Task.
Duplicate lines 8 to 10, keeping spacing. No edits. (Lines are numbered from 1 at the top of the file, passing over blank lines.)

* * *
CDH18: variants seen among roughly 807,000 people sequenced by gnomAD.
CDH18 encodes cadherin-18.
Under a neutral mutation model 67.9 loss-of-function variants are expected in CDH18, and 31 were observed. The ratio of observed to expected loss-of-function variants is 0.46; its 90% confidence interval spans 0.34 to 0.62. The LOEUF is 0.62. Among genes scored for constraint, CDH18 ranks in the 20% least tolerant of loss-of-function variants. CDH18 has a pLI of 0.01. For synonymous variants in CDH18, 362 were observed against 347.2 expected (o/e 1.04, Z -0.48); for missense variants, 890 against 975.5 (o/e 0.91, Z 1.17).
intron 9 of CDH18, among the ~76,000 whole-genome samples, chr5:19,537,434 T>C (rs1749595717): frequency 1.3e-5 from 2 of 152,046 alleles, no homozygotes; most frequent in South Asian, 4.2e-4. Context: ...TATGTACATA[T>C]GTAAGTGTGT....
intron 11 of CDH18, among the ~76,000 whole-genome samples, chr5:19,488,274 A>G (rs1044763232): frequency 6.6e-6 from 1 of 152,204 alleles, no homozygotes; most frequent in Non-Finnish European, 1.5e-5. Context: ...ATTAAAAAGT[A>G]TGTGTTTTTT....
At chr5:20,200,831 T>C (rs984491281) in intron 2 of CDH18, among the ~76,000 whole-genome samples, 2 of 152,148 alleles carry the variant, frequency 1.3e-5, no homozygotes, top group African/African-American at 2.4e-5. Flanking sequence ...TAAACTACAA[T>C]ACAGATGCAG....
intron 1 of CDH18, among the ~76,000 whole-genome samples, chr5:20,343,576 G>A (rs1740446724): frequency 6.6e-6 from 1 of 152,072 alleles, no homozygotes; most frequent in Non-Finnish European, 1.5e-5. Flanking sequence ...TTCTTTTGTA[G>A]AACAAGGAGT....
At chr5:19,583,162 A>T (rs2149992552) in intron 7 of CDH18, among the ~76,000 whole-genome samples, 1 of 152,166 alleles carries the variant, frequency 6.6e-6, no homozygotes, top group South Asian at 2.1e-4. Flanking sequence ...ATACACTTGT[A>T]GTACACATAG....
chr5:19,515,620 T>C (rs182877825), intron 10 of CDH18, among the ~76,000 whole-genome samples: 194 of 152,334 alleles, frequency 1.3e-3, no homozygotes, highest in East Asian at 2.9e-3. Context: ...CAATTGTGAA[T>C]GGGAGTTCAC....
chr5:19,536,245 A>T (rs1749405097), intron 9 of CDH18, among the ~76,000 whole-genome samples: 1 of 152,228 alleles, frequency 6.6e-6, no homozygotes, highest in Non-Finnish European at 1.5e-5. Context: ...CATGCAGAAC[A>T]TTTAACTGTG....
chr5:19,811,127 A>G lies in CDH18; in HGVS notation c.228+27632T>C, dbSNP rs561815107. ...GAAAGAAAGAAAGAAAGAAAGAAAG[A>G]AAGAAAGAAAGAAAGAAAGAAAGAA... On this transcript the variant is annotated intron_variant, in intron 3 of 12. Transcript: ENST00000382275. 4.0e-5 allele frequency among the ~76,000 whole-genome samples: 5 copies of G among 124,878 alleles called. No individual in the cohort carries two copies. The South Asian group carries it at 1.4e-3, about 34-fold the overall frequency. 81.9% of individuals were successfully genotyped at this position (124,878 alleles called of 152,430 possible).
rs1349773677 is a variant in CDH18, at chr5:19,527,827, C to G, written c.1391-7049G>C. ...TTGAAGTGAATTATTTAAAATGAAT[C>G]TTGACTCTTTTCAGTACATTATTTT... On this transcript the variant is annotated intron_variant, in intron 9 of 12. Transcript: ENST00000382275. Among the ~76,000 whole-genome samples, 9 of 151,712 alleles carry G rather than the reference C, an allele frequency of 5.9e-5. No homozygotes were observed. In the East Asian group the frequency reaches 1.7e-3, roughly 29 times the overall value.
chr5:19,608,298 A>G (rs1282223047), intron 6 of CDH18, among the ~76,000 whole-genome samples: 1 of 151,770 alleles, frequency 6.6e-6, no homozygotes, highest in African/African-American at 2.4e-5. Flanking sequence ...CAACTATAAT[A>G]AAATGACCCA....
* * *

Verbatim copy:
At chr5:19,583,162 A>T (rs2149992552) in intron 7 of CDH18, among the ~76,000 whole-genome samples, 1 of 152,166 alleles carries the variant, frequency 6.6e-6, no homozygotes, top group South Asian at 2.1e-4. Flanking sequence ...ATACACTTGT[A>T]GTACACATAG....
chr5:19,515,620 T>C (rs182877825), intron 10 of CDH18, among the ~76,000 whole-genome samples: 194 of 152,334 alleles, frequency 1.3e-3, no homozygotes, highest in East Asian at 2.9e-3. Context: ...CAATTGTGAA[T>C]GGGAGTTCAC....
chr5:19,536,245 A>T (rs1749405097), intron 9 of CDH18, among the ~76,000 whole-genome samples: 1 of 152,228 alleles, frequency 6.6e-6, no homozygotes, highest in Non-Finnish European at 1.5e-5. Context: ...CATGCAGAAC[A>T]TTTAACTGTG....